by Seth Perkins, City Year New Hampshire AmeriCorps member, serving on the Beech Street Elementary School team generously supported by Dartmouth-Hitchcock
In elementary education, the course schedule is fairly fixed. Teachers light up the classroom with creative lesson plans and unyielding energy. However, there is no class for getting tangled up in yarn or gluing leaves to construction paper. After school programs offer students a chance to further their education in a unique manner that cannot always fit in the daily schedule. At Beech Street School, City Year New Hampshire, in partnership with twenty first century clubs, provides some of the finest examples of silly learning. Thus far, City Year has enchanted children with Enviro-Art, Knitting, Newspaper Detectives and of course Starfish Corps.
Enviro-Art--led by my fellow AmeriCorps member, the incomparable Amelia Shubert--emerged students with sticky glue fingers into lessons on the environment. Envrio-Art provided important information on the Earth, and used art as a tool to teach about resources. Students walked outside breathing in the crisp air, as Ms. Shubert frantically gathered up the racing leaves blowing about the playground. Meanwhile, up the stairs and down the hall nestled a giggling crew of yarn acrobats. AmeriCorps member Jia He created a club where students could be actively engaged, but also reflect on the day while crossing soft thread between their fingers. Students learned the basics of knitting, something I personally am still unable to comprehend. In these sixty minute blocks, offered once a week, students learned life skills and important facts on the world they are to inherit. Left to their creative thoughts and given a platform to teach, my teammates empowered students to learn more.
During the same session of Enviro-Art and Knitting, I played around with newspapers. Newspaper Detectives offered students a lesson on civics, some extra ELA time, and the confidence to be diligent truth seekers. Our call and response to quite the group was me belting out “speak truth,” and them replying “to power!” It did not do the best job of silencing them, but it sure was fun. As a group we would tear up newspapers to read different articles, and then share our thoughts on them. Students would be given news sources and would have to decipher whether it was factual or not. My favorite experience with this fact checking activity was when a student pointed out that the “Flat Earth Society,” had a graphic noting that the truth “would be known around the world.” Newspaper Detectives allowed students to learn and discuss relevant civic matters in an open, free-thinking space.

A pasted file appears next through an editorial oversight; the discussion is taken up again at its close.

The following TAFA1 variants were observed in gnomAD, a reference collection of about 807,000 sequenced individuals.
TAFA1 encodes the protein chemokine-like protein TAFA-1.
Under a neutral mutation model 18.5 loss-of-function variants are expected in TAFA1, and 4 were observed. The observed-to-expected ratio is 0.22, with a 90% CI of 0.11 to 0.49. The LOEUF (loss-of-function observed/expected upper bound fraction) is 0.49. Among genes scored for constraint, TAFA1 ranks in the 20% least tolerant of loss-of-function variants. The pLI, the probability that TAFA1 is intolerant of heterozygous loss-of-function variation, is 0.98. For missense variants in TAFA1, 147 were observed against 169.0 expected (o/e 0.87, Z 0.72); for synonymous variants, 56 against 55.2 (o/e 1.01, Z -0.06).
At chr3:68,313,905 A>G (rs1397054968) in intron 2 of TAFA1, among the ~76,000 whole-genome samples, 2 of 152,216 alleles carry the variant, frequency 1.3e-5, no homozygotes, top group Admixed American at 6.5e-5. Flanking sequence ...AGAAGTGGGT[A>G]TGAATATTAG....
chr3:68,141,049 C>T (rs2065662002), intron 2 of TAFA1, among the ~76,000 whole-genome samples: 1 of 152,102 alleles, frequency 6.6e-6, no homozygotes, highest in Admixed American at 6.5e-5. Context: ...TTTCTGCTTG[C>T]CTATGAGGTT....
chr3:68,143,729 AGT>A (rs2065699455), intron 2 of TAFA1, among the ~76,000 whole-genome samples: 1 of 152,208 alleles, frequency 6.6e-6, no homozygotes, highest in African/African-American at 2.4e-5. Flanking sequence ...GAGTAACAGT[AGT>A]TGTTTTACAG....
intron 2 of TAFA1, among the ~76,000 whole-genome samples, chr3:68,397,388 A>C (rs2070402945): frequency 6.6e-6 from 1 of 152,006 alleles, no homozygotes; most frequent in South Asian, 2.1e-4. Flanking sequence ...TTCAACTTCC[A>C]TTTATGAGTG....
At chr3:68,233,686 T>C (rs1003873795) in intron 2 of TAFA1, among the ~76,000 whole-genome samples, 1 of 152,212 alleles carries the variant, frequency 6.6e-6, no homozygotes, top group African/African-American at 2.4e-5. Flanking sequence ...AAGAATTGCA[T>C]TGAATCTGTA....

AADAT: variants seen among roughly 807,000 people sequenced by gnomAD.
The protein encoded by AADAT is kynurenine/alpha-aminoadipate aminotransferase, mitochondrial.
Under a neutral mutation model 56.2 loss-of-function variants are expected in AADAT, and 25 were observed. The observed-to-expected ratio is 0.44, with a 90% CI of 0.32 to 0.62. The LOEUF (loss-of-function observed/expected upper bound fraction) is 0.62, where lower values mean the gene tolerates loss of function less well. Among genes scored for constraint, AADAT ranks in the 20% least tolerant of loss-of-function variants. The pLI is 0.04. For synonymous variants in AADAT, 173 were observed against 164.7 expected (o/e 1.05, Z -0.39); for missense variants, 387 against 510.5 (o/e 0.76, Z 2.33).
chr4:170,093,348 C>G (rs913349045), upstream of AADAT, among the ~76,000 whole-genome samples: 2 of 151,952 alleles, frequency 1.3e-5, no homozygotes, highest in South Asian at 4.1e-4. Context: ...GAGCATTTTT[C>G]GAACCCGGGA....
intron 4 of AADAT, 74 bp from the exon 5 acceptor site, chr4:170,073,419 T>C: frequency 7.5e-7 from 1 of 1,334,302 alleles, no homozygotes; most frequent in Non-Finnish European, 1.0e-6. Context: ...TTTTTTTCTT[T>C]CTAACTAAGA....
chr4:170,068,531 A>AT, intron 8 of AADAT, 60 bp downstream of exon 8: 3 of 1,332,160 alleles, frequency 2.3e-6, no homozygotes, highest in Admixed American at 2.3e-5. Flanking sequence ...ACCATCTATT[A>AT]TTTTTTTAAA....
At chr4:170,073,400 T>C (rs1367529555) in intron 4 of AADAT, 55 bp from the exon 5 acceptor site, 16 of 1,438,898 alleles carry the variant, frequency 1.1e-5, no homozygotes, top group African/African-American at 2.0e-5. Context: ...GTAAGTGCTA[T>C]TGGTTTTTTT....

An open, free-thinking space is what City Year provides in its afterschool programs. Students are given many opportunities to learn every day in a structured environment. However, afterschool provides no pressure to know anything. If you did not pay attention the last time you were knitting, just try again. If you did not read the whole article at club, there is no grade, so do not worry. Afterschool learning is a challenge-by-choice atmosphere, one where City Year thrives. Students are welcomed to the table at every club and encouraged to take something away from it. In Starfish Corps, students have completed their peace project by encouraging friendliness and leading games at recess. Starfish Corps, and all other clubs offered by City Year, challenge students to learn a little more each week with no fear of testing. Most importantly, City Year provides choice to students which helps grow their desire to learn outside of the classroom.
If you or someone you know is interested in joining City Year, click here for information about the application process. The next application deadline is April 13th.